Alex welds by day, dances at a strip club by night, meets a powerful guy and longs to be in a ballet company in Adrian Lyne's vintage 1983 dance movie, Flashdance, now a musical on the Theatre Under the Stars stage, Tuesday through June 16.
Frances bounces around apartments in New York looking hipster adorable, while longing to be in the company in Noah Baumbach's charming new sorta kinda dance film Frances Ha, now screening at Sundance Cinemas.
I'm so happy that Frances Ha came along, just in time for me to revisit the Flashdance era. Alex and Frances are such noble dance heroines. We feel for them, root for them and hope they get the job, the guy, or at least a better apartment. They both have big dreams, boyfriend problems and that pie in sky goal to "make the company."
She's a maniac, alright
Flashdance occupies a special place in our hearts as the weirdest dance movie ever. It basically makes no sense, but does that matter when a movie made leg warmers and ripped T-shirts things dancers would never put on again? (That's how it works, if you are wearing it, dancers have moved on.) It's set in Pittsburgh of all places, a former steel hub rather than dance hub.
Jillian Mueller plays Alex in the TUTS production, a role she was born to play. She does all her own dancing, unlike Jennifer Beals, who had the magnificent Marine Jahan as her dancer double.
"All the iconic dances from the film are in there, and then some. And, at one point, a bucket of water falls on me."
"I got Flashdance as a gift when I was 7," says Mueller. "I've been obsessed with this movie ever since."
Mueller started working professionally on Broadway at age 12. Her resume includes national tours of Memphis and American Idiot, Bye Bye Birdie, How the Grinch Stole Christmas on Broadway and A Gifted Man on CBS. Although she has some terrific credits, she will be the first to say that there have been slow times in her career.
"Flashdance is partly telling my story," she says.
Mueller has her own ideas on why Flashdance made such a dent in our collective dance film consciousness. "Alex is such an underdog," she says. "That's what makes it a memorable film." As for the film being turned into a musical, Mueller sets me straight. "It was originally written as a musical but then Hollywood swooped in."
Flashdance, The Musical, is as dansical as it gets, all of which makes it great for dance fans and exhausting for Mueller. "I never leave the stage," says Mueller. "All the iconic dances from the film are in there, and then some. And, at one point, a bucket of water falls on me."
Frances tapdances, pirouettes on cue and still doesn't make the ranks
Greta Gerwig charms us from her first endearing, bordering on lame, sidewalk tap dance. OK, so we cringe a little when she performs a wobbly pirouette on demand at a party. And maybe we sigh when we find out she's an still apprentice at 27 (ancient in dancer years). The worry really sets in when she heads back to her alma mater, SUNY Purchase, to be an RA for a summer intensive. Her prospects are slim. Gerwig's "Oh what a feeling" moments happen mostly outside of the dance studio, when she's hanging out with Sophie, her ex-roomie.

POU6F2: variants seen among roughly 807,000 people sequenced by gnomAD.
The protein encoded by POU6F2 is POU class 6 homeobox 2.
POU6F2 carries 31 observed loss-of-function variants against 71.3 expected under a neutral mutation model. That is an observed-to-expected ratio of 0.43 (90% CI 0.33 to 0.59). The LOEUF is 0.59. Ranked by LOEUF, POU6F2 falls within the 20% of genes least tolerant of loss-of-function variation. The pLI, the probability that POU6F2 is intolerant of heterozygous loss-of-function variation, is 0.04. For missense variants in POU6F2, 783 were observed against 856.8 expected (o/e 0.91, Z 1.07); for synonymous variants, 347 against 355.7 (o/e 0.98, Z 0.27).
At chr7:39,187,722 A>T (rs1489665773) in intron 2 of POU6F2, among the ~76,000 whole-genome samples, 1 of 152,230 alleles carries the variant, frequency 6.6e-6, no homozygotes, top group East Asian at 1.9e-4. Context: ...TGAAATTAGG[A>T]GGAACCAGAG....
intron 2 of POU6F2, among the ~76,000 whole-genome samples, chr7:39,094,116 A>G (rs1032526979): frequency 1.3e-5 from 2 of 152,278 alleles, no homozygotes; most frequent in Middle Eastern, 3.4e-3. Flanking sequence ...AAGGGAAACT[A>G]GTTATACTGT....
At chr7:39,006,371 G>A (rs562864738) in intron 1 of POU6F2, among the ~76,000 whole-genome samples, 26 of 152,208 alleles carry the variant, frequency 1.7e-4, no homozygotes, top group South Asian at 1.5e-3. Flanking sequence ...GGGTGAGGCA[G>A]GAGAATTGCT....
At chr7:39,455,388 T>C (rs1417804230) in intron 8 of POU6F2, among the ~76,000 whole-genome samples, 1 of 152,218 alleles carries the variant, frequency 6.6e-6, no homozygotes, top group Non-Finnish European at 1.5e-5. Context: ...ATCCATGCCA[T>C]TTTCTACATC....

That said, I have to appreciate that she's a dancer of the post-modern variety, the least represented genre of dance in pop culture. It's going to be a long haul before we see a SYTYCD couple pick "post modern" out of their dance hat, which is why it's so cool to see her world, and even the beloved New York hub, Dance New Amsterdam, in the film.
"The fact that Frances Ha has made modern dance somewhat visible to the mainstream movie market is extremely encouraging."
Max Stone, artistic director of Sexy Beast, choreographed the company’s rehearsal scene near the beginning of the film and the concert. "The fact that Frances Ha has made modern dance somewhat visible to the mainstream movie market is extremely encouraging," says Stone. "This form of dance is virtually unknown outside of live performance and documentary film formats."
Stone feels the film is spot on in getting the scene right. "The struggling dance apprentice is portrayed pretty accurately, along with the accompanying doubts and frustrations," he says. "It’s such an uncertain position and of course there’s usually no pay." He considers Baumbach's movie larger than a dance story. "It’s mainly a coming of age story about a young friendship that must ultimately evolve into adulthood," says Stone. "The fact that Frances is an individual with an artistic sensibility doesn’t help her situation. All artists retain a sense of innocence and wonder within them."
Alex and Frances probably would not be BFFs
Alex's dancing is way more sex charged than Frances' gender neutral dance world. There is way less dance in Frances Ha, and once you see her dance, you are OK with that. Trust me, way more people would be cringing with a less talented actor in the part. Honestly, she seems more about having fun with her friends than our dance-aholic Alex.
Toward the end, Frances comes into her strength as a choreographer, making a dance that just oozes her bumbling through life quirkiness. Although another choreographer worked on that piece, Stone loves it. " It truly looks like a piece that Frances would have created."
There is one odd thing that both Frances and Alex share, they never seem to take class. "For a dancer, taking class on a daily basis is fundamental to who we are," says Stone. "Possibly, this is why she’s not the best dancer in the company."
Alex makes the company, Frances does not; she gets a desk job and a chance at making it as rising choreographer. Sequel please Mr. Baumbach. Alex gets the guy, while the possibility of love for the "undateable" Frances is left wide open.
Here's to dance heroines. I love them all.
Check out the Flashdance The Musical trailer, it's a lot like the movie, but more dancing:
You can see Greta Gerwig's embodied charm in the Frances Ha trailer: